Forth Cross Compiler

The package also includes a limited Forth like language cross compiler.


This feature is under development.


Documentation is incomplete. Also reading the source is recommended.

Traditional methods to use Forth on a different target system involve meta-compilers and the assembler for the target is often implemented in Forth itself. Not this one.

The idea of this tool chain is to cross compile Forth into assembler for the MSP430 and then use the normal assembler and linker. This means that other assembler (or C modules etc.) can be combined in one program.

led.forth -> led.S -> led.o4     --+--> led.titext
          intvec.S -> intvec.o4  --/
         startup.S -> startup.o4 --/

Available Words

A list of supported words is available here:

Availability of words depends on their definition. There are words that can only be executed on the host. These words can not be used within definitions that are cross compiled. In contrast, CODE words are only allowed within definitions that are cross compiled. Normal definitions using : can run on host and target, unless they depend on words described before. In that case the restrictions of that type applies.

Command line tools


This is itself a Forth interpreter and is used to do the conversion into an assembler file for the MSP430.


This tool can be used to convert C header to a Forth file. Each #define will be turned into a CONSTANT. It’s main purpose is to get access to the peripheral an bit definitions from the TI header files.

Cross compilation

The file given to msp430.asm.forth is executed on the host.

Only words used in the program for the target are translated. This makes the use of libraries simple - it does not matter how many words are defined or used by the program on the host.

There are three dictionaries in the host interpreter.

  • built-in name space: The words here are implemented in Python (the language the host interpreter is written in). These can not be cross compiled (unless they are provided in the target dictionary).
  • normal name space: normal :/; definitions go here. The words here can be used on the host as well as on the target.
  • target name space: CODE definitions go here. These words can be referenced by the host but they can not be executed (they won’t do the expected).

All three dictionaries are available to the host but cross compiled words must exist in one of the later two.

Cross compilation of normal words (:)
The words are already translated into a list of references by the host interpreter. They can be output 1:1 as list of words for the target (exceptions are branch distances, they are multiplied by two).
Cross compilation of CODE words

These words are executed to get the cross compilation. So each CODE word simply outputs assembler code. Forth words must include the code for NEXT.

This allows that CODE word definitions can also be used to generate helper functions for other assembler parts.

Cross compilation of INTERRUPT words
A special assembler start code is included and the exit functionality is handled specially. The function itself is translated the same way a normal word is.

MSP430 specific features

  • VARIABLE and VALUE are supported, they allocate a 16 bit variable in RAM (.data segment).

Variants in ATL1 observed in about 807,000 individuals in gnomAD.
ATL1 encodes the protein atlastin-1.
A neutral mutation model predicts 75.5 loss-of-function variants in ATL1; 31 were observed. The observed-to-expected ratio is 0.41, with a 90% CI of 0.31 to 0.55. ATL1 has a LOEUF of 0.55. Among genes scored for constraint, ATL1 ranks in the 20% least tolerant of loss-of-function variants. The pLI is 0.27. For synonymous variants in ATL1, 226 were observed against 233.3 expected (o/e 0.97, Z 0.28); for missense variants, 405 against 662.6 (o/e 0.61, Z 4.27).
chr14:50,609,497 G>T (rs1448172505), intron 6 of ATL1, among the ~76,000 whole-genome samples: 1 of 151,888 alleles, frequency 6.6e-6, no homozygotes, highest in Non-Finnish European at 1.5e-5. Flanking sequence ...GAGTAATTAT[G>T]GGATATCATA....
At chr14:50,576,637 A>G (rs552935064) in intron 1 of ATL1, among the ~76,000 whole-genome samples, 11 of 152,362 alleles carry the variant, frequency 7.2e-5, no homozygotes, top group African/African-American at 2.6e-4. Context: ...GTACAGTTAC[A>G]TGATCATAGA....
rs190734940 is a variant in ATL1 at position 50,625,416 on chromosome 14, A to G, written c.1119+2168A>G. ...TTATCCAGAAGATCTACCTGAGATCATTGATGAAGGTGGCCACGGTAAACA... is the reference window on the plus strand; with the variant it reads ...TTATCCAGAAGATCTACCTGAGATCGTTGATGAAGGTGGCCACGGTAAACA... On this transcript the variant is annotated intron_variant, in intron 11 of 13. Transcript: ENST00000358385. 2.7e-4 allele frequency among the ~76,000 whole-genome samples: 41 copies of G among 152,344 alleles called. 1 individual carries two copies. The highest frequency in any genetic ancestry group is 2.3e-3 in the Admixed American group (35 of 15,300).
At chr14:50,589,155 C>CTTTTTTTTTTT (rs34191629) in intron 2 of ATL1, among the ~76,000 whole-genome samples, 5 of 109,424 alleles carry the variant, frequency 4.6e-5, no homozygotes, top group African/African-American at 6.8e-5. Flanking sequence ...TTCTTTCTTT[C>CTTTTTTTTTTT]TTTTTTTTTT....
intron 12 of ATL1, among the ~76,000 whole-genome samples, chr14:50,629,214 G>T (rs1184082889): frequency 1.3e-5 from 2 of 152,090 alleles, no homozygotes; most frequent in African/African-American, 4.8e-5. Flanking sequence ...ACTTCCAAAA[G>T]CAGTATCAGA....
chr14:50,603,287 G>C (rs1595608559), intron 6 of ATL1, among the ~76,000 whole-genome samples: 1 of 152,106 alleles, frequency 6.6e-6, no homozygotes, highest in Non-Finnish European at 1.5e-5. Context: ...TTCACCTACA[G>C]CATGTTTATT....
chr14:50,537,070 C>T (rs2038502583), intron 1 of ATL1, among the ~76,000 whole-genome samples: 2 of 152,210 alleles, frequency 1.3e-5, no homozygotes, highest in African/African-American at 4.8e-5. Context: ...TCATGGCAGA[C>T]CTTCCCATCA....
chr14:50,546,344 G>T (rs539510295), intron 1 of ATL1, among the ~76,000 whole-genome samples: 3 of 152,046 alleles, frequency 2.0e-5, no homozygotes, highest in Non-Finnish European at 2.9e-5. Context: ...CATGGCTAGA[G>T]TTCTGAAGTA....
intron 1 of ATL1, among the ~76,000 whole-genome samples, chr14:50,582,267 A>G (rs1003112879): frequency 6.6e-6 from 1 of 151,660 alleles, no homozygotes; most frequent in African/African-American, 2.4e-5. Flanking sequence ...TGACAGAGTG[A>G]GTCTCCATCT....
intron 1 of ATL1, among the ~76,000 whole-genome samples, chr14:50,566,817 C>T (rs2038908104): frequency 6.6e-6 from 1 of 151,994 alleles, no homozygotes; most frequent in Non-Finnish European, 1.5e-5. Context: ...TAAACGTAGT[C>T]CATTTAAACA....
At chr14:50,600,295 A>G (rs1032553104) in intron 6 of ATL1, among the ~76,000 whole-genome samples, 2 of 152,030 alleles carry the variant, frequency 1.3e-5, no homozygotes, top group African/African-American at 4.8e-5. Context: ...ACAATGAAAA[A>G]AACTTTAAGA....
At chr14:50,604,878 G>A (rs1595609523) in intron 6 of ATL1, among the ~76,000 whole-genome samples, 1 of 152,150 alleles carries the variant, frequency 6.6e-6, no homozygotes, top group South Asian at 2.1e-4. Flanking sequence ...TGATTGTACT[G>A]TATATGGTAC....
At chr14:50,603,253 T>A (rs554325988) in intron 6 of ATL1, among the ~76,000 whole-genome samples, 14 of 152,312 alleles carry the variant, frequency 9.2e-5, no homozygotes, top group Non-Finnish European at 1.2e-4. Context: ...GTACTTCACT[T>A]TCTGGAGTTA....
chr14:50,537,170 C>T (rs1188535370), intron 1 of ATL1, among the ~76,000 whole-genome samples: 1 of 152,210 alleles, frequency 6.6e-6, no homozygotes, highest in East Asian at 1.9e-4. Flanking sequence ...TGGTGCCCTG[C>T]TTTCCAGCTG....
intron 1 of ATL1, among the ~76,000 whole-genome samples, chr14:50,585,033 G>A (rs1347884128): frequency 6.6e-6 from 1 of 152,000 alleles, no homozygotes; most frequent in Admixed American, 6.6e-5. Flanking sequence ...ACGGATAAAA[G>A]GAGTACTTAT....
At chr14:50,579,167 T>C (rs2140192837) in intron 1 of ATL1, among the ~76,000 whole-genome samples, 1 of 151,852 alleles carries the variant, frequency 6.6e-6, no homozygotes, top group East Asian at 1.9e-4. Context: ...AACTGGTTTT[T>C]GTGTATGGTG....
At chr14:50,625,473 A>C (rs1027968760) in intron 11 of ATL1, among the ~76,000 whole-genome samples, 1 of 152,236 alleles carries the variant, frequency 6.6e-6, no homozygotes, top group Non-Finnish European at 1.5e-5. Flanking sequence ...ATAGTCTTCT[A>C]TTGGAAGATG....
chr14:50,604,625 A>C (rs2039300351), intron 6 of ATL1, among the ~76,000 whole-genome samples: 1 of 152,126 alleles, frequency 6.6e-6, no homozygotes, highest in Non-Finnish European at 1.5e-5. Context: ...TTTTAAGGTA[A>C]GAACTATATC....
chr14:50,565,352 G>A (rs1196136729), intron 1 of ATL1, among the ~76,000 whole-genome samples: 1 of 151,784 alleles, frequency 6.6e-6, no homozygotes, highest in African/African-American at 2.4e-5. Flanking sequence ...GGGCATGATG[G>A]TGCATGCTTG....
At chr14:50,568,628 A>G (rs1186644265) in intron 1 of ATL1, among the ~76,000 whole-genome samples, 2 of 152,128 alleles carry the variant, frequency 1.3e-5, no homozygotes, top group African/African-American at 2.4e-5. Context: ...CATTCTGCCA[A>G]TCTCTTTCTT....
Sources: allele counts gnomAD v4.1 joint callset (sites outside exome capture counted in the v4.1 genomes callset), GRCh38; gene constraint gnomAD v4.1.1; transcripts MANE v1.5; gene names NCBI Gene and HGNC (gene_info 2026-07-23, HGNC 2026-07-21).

• The word INTERRUPT defines a new interrupt function. It takes the vector number from the stack and it expects that a function name follows. It creates symbols vector_NN which have to be manually added to the interrupt vector table. Interrupt declarations end with the word END-INTERRUPT.
  • Words defined using CODE/END-CODE are executed when cross compiling. They are expected to write out MSP430 assembler.
  • INCLUDE loads and executes the given file. There is a search path that can be influenced with the -I command line option. Some files are built-in, e.g. core.forth is part of the package.
  • Escapes are decoded in strings. e.g. ." \n" outputs a newline.
  • The DEPENDS-ON word can be used in CODE words. It adds the given word as dependency so that it is also cross compiled. This is useful when the assembler in the CODE words wants to use some shared code.


  • SP is used as data stack.
  • Interrupts and other asm/C functions called so then use the data stack.
  • The return stack and instruction pointers are also kept in registers. All other registers can be used in Forth words (see generated assembler for register usage).


There is no stack depth checking implemented. Not maintaining the stack balance usually ends up in executing random parts or the program (A.K.A. “crash”).


The current language is not quite Forth. Some important words such as DOES> are missing.

  • Not ANS Forth compliant.
  • The Forth interpreter only reads in words. There is no access to the characters of the source file and whitespace and newlines are discarded. So the strings ." Hello World" and ." Hello    World" are identical. Some words such as ." partially emulate byte wise access by processing each word by character (that’s why the closing " is detected in the previous examples).
  • \ Comments are not supported due to the limitation discussed above.
  • *, /, /MOD are currently not available on the target.
  • CREATE, ALLOT have limited functionality.
  • ERASE was named ZERO due to a naming conflict with a bit of the MSP430 Flash module.
  • No double precision math.
  • Input/output functions are missing.
  • There are more…


A number of core Forth words that are implemented in Forth itself are taken from JonesForth (Licensed as Public Domain) which is a well documented experimental Forth for x386 computers (used in msp430/asm/forth/__init__.forth).